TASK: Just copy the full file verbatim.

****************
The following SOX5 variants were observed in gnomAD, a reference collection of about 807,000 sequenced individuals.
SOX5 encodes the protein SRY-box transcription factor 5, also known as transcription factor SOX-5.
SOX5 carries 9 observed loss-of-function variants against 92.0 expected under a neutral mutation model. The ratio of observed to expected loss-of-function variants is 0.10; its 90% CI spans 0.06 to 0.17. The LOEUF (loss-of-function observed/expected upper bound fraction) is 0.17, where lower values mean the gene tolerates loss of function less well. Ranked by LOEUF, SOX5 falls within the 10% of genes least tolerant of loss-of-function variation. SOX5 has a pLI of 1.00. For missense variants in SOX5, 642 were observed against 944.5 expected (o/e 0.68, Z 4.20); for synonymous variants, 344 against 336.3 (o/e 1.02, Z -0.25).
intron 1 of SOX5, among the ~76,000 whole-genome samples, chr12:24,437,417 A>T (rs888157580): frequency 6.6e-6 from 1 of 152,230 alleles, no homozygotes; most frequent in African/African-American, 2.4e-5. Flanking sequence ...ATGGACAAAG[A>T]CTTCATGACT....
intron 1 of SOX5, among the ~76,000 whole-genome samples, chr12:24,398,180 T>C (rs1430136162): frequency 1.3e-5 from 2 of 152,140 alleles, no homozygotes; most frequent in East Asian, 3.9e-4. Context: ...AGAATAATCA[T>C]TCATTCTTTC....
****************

The following SOX5 variants were observed in gnomAD, a reference collection of about 807,000 sequenced individuals.
SOX5 encodes the protein SRY-box transcription factor 5, also known as transcription factor SOX-5.
SOX5 carries 9 observed loss-of-function variants against 92.0 expected under a neutral mutation model. The ratio of observed to expected loss-of-function variants is 0.10; its 90% CI spans 0.06 to 0.17. The LOEUF (loss-of-function observed/expected upper bound fraction) is 0.17, where lower values mean the gene tolerates loss of function less well. Ranked by LOEUF, SOX5 falls within the 10% of genes least tolerant of loss-of-function variation. SOX5 has a pLI of 1.00. For missense variants in SOX5, 642 were observed against 944.5 expected (o/e 0.68, Z 4.20); for synonymous variants, 344 against 336.3 (o/e 1.02, Z -0.25).
intron 1 of SOX5, among the ~76,000 whole-genome samples, chr12:24,437,417 A>T (rs888157580): frequency 6.6e-6 from 1 of 152,230 alleles, no homozygotes; most frequent in African/African-American, 2.4e-5. Flanking sequence ...ATGGACAAAG[A>T]CTTCATGACT....
intron 1 of SOX5, among the ~76,000 whole-genome samples, chr12:24,398,180 T>C (rs1430136162): frequency 1.3e-5 from 2 of 152,140 alleles, no homozygotes; most frequent in East Asian, 3.9e-4. Context: ...AGAATAATCA[T>C]TCATTCTTTC....